[Biscuitroots and Desert Parsleys: The Genus Lomatium in the Columbia River
Gorge of Oregon and Washington]
Indian Biscuitroot, Piper's Desert Parsley, Salt-and-pepper
Synonym: Cogswellia piperi
The photo above shows a close-up of the leaves and umbels of
salt-and -pepper as seen at about mid-elevation in the Columbia Hills to the
north of The Dalles, OR..........February 12, 2006.
photo at right shows one compact umbelet of salt and pepper. Note the bracts beneath
the umbelet and a close-up of one of the flowers with its reddish-purple anthers.
Photographed atop the Dalles Mt., Columbia River Gorge..........April 22, 2001.
As noted below, Piper's desert parsley is similar to both Gorman's
and Geyer's desert parsleys. Many text have previously lumped both Gorman's
and Piper's desert parsleys as Lomatium gormanii. The information presented
here tries to differentiate L. piperi from the other two plants.
Piper's desert parsley, also known as salt and pepper, is a
small perennial wildflower with one to a few stems ascending from 7-25 cm high
from a rounded tuber from 1-2 cm in diameter. Its herbage is glabrous or covered
with some fine, short hairs. The one to several leaves are all attached to the
stem at or below the ground. The leaves are ternate and then pinnately to bipinnately
comound with blades from 3-7.5 cm long and petioles from 3.5-10 cm long. The
leaflets are parted into linear, obtuse segments from 5-30 mm long and 1-2 mm
The inflorescence is an umbel with 3-20 spreading stems from
1-6 cm long, each subtending an umbelet. Their may be some minute, linear bracts
less than 2 mm long beneath the umbelets or these may be absent. The umbelets
contain 6-13 white flowers with purple anthers. The fruits are narrowly to broadly
elliptic or ovate in shape with wings about one-half as wide as the body. They
are 5-8 mm long and the surfaces are glabrous.
Geyer's Desert Parsley:
Lomatium geyeri - Plants from 15-40 cm tall at maturity. The glabrous
fruits are 7-12 mm long and the bracts of the umbellets are 2-3 mm long.
Salt and Pepper, Gorman's Desert
Parsley: Lomatium gormanii - Plants up to 15 cm tall. Fruits
minutely pubescent. The minutely pubescent fruits are 5-7 mm long and the bracts
of the umbellets are typically less than 2 mm long.
Salt and Pepper, Piper's Desert Parsley: Lomatium piperi
- Plants up to 15 cm tall. The glabrous fruits are 5-7 mm long with the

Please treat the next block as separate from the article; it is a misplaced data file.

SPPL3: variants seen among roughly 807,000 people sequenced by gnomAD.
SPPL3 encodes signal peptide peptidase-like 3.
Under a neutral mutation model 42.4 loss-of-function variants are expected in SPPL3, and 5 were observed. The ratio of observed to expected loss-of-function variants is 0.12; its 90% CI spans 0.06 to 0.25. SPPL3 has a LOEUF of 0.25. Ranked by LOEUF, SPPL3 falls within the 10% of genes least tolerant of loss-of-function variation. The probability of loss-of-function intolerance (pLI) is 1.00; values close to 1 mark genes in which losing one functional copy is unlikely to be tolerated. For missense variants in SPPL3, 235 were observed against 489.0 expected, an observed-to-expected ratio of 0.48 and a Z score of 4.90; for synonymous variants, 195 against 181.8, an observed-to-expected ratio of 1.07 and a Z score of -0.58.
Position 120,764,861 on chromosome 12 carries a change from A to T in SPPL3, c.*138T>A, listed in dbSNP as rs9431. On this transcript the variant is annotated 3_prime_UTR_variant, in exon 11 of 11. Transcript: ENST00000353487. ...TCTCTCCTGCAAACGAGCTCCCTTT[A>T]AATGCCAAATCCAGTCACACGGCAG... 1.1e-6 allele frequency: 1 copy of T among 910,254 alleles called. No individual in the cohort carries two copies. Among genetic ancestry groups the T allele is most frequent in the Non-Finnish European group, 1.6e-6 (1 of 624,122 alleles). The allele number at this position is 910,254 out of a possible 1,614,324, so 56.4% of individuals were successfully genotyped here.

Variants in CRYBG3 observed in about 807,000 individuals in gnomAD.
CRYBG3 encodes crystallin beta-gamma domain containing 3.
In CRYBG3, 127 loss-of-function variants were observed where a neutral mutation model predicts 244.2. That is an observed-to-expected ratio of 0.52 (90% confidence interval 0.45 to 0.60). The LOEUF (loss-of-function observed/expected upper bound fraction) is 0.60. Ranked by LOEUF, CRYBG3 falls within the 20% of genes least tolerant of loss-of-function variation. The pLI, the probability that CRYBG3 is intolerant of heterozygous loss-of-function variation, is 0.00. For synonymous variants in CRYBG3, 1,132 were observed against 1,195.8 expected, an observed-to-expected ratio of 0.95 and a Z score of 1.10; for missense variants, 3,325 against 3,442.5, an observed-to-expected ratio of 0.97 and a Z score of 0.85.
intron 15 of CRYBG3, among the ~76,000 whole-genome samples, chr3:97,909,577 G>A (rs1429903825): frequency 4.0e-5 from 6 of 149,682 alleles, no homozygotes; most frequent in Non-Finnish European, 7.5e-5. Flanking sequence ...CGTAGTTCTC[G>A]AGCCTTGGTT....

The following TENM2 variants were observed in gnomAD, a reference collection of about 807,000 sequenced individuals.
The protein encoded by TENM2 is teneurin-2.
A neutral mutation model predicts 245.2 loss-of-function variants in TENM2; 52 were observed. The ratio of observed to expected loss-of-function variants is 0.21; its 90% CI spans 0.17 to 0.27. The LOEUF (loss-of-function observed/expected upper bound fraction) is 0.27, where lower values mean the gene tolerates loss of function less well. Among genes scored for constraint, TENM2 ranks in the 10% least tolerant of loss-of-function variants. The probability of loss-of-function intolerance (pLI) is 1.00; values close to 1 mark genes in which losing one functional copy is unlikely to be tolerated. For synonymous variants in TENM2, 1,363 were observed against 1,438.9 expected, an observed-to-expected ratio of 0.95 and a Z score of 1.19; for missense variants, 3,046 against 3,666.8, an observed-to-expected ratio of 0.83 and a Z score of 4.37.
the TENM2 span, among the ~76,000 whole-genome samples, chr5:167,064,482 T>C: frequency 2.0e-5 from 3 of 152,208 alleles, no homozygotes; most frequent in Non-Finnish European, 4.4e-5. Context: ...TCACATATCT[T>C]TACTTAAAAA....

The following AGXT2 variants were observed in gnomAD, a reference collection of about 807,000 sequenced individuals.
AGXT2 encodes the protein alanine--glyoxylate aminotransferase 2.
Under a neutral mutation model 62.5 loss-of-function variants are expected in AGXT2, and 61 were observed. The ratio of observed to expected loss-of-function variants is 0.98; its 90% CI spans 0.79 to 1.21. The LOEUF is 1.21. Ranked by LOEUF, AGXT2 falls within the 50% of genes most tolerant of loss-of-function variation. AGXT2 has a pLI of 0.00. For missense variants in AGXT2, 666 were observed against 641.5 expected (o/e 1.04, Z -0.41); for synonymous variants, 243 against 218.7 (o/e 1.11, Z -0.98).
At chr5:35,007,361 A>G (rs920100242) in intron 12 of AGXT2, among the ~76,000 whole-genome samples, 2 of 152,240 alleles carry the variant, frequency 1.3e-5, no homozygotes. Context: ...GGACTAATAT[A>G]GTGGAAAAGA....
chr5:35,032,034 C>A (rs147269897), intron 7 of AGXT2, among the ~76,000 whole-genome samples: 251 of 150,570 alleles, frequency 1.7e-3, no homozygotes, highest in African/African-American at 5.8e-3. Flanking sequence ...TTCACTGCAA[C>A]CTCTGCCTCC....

bracts of the umbellets typically less than 2 mm long.
Salt and pepper may be found on arid, open slopes and scablands
in the foothills and on the plains.
Salt and pepper may be found east of the Cascade Mts. from central
Washington, central Oregon, and Idaho and California.
Salt and pepper as seen (left) along Highway 30 at the northern edge of Marsh Hill, Memaloose area of the Columbia River Gorge..........March 2, 2016. The photo at right shows salt and pepper (right) as seen on a moist basalt outcrop above the Klickitat Trail at the Mineral Springs, on Klickitat Wildlife Area lands about one mile south of Wahkiacus, WA.......February 27, 2016. Note the small inflorescence subtended by two small leaf-like bracts on the lower stem on both photos.
Salt and pepper as seen on shallow, rocky soils on USFS lands adjacent to the Wasco County Rock Pit, Sevenmile Hill, Columbia River Gorge National Scenic Area..........March 2, 2017. Several stem leaves are visible on the central stem.
The photo above shows the tight umbel of salt
and pepper as seen atop the Dalles Mt., Columbia River Gorge............March
The photo above shows salt-and-pepper as seen on basalt outcrops
along the old highway about one mile east of Celilo, OR...........February
The photo above shows a close-up of the umbel of salt and pepper as seen in the Columbia Hills several miles north of The Dalles, OR...........April 7, 2007.
Glabrous fruits of salt and pepper as seen along the Bickleton Highway east of Rock Creek, Klickitat County, WA...........May 17, 2014.
Salt and pepper as seen at left on open slopes uphill to the east of Canyon Creek, Klickitat Wildlife Area..........March 1, 2015. Salt and pepper as seen at right in lithosol soils at the Klickitat Breaks, Klickitat Wildlife Area.......April 2, 2017. The stem leaf is at the base of the small inflorescence at the base of the stem, partly hidden by the basal leaves in this case.
The photo above shows salt and pepper as seen in the Columbia Hills several miles north of The Dalles, OR............February 16, 2007.